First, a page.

Navigating Embeddedness: Experiences of Indian IT Suppliers and Employees in the Netherlands

Abstract

In this article, we shift the usual analytical attention of the GPN framework from lead firms to suppliers in the network and from production to IT services. Our focus is on how Indian IT suppliers embed in the Netherlands along the threefold characterization of societal, territorial and network embeddedness. We argue that Indian IT suppliers attempt to display societal embeddedness when they move to The Netherlands. Our findings reveal that the endeavour by Indian IT suppliers to territorially dis-embed from the Dutch context is reinforced by their peripheral position in the network and their ability to offshore work in a bid to contain costs, in addition to the influence of client domination. Therefore, territorial embeddedness is considered to be secondary to societal embeddedness which is intertwined with client interest while neglecting the interest of other network members. Nonetheless, the inter-firm relationship is complex, given the tension between societal, territorial and network embeddedness. While preferring Indian IT suppliers because of their low pricing, Dutch clients also insist on compliance with the institutional context of the Netherlands especially when it comes to Dutch employees. This results in hybridization which means that Indian IT suppliers find ways to adhere to the institutional framework for Dutch nationals while simultaneously insulating Indian employees from the same. Consequently, a highly unfair segmented internal labour market develops, with Dutch nationals being treated more favourably as compared to Indian nationals. Nonetheless, to address these violations, Indian employees prefer individual strategies of resilience and rework rather than a collectivization response.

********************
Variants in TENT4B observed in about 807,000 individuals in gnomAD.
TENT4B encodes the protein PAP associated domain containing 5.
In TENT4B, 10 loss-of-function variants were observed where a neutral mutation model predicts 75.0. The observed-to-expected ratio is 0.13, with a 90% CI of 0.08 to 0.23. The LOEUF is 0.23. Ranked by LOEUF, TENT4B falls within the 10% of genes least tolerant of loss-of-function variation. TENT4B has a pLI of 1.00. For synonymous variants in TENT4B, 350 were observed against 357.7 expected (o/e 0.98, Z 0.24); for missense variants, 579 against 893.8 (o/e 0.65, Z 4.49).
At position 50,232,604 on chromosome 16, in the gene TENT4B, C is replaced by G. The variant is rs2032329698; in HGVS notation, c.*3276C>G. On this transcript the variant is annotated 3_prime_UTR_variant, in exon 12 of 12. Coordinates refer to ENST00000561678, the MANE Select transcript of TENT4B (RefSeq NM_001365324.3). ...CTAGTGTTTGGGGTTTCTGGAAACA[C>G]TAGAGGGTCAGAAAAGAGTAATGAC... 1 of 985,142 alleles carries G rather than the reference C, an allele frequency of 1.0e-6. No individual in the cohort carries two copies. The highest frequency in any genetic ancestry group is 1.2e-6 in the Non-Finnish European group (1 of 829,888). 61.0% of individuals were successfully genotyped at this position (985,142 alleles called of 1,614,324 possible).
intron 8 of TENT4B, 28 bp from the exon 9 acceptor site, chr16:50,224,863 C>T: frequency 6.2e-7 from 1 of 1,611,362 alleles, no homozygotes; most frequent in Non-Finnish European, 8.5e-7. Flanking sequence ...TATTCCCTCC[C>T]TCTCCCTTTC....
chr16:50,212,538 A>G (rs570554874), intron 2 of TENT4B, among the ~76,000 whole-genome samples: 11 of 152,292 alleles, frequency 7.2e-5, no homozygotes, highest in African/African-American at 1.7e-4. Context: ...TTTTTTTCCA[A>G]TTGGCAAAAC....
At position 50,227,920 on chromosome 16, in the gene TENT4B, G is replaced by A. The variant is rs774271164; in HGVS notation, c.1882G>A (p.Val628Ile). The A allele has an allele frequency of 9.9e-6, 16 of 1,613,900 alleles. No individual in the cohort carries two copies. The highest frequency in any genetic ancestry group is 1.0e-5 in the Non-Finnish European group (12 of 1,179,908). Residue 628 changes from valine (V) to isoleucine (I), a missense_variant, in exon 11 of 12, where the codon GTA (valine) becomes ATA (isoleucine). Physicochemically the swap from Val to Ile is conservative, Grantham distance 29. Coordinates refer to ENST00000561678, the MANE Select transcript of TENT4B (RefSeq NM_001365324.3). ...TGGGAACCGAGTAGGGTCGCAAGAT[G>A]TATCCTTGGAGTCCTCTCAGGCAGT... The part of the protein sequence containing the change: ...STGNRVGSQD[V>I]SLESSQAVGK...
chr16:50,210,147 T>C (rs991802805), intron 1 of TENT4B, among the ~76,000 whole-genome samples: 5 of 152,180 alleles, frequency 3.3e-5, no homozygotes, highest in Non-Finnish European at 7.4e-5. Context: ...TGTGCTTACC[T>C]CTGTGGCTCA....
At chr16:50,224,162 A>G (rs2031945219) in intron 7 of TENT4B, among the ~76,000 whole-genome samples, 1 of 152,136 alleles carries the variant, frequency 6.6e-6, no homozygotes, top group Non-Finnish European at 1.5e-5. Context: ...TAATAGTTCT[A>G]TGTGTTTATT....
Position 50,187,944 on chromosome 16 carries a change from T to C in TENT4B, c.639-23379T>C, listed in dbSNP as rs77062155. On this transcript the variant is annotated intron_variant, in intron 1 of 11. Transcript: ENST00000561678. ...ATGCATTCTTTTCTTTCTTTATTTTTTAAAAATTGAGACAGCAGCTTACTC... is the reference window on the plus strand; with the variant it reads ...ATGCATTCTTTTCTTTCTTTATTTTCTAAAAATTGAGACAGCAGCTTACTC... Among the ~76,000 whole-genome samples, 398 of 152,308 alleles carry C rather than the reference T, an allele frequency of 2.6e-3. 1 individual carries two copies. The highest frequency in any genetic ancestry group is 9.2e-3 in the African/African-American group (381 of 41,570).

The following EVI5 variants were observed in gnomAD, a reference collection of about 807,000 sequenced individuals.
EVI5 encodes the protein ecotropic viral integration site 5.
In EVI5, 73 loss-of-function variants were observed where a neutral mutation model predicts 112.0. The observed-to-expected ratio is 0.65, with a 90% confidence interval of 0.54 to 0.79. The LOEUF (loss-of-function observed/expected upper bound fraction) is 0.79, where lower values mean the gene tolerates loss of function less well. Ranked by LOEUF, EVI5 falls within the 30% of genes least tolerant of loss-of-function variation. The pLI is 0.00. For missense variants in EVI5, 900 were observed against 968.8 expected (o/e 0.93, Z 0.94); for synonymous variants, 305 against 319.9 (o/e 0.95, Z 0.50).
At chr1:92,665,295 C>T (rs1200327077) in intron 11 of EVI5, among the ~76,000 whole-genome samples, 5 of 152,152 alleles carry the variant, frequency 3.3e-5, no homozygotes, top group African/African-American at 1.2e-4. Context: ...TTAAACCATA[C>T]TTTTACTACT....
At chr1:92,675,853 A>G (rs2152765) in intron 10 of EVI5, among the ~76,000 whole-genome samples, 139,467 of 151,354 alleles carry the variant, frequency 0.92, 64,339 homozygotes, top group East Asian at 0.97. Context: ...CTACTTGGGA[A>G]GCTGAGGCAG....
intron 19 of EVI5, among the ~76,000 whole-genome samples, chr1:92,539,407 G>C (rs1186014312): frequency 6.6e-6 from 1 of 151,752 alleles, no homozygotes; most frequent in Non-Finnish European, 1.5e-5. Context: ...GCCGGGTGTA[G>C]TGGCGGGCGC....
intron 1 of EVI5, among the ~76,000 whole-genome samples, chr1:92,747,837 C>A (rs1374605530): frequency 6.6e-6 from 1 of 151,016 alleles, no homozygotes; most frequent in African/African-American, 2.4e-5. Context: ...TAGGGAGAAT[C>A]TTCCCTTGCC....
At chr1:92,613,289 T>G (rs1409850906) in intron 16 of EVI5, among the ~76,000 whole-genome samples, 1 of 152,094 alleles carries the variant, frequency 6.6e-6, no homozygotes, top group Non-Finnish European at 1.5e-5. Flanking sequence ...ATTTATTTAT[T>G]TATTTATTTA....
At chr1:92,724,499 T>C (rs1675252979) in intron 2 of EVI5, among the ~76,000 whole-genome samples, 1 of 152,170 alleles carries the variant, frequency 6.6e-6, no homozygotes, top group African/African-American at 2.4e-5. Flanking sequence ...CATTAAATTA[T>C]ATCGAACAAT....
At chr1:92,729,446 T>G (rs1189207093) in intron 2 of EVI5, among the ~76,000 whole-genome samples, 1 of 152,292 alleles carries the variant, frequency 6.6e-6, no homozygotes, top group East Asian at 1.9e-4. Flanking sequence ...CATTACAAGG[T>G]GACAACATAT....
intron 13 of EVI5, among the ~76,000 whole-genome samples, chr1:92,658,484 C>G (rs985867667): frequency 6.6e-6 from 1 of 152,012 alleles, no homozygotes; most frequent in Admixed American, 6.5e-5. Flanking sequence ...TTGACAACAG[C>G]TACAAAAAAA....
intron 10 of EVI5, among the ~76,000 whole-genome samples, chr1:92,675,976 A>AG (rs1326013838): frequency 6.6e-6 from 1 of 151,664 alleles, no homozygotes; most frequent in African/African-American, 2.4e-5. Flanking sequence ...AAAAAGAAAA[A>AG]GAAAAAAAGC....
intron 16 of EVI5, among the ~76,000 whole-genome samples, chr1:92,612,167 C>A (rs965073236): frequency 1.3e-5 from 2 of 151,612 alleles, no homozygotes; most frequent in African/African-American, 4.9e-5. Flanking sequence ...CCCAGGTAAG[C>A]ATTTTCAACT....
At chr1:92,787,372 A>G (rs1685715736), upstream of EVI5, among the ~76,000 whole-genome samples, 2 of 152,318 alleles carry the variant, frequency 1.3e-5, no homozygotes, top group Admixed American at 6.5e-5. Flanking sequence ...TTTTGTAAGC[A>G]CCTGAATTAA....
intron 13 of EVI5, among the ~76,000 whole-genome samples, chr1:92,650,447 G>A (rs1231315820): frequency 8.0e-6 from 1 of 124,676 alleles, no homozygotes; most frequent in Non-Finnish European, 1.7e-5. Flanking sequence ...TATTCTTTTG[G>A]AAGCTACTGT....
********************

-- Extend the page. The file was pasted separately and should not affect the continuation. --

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Notes

  1. 1.

    In this article, we use the terms lead firms and clients synonymously.

  2. 2.

    Object-oriented programming techniques enable programmers to create modules.

  3. 3.

    Distributed programming means putting various steps in business processes at the most efficient places in a network of computers.

  4. 4.

    Under the self-certification scheme, firms employing up to 40 persons are required to provide only a self-certificate regarding compliance with labour laws while those employing 40 or more persons are required to submit a self-certificate duly certified by a chartered accountant (ILO 2014).

  5. 5.

    The Standing Orders Act is a set of rules which pertains to misconducts, dismissal procedures, probation period and notice period to be given at the time of resignation, benefits and protection for workers against unfair treatment or wrongful exactions by the employers.

  6. 6.

    The salary agreed is reduced by a maximum of 30% in return for a reimbursement of expenses. However, the employer is not obliged to pass on the advantage of the 30% rule to the employee. In practice, it is possible for the employer to partially or fully take the benefit.

  7. 7.

    Evidence, typically deriving from an experiment or pilot project, which demonstrates that a design concept, business proposal, etc., is feasible.

  8. 8.

    A change request often arises when the client wants an addition or alteration to the agreed-upon deliverables for a project.

  9. 9.

    The implementation of the EU Directive 77/187/EEC (Transfer of Undertakings (Protection of Employment) Regulations (TUPE) transfer) required the acquirer to not only statutorily absorb those employees whose process is outsourced but also continue the terms and conditions of individual employment contracts after the transfer. This is often termed as rebadging.

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Noronha, E., D’Cruz, P. & Banday, M.U.L. Navigating Embeddedness: Experiences of Indian IT Suppliers and Employees in the Netherlands. J Bus Ethics 164, 95–113 (2020). https://doi.org/10.1007/s10551-018-4071-3

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Keywords

  • Global production networks (GPNs)
  • Embeddedness
  • IT services
  • India
  • Netherlands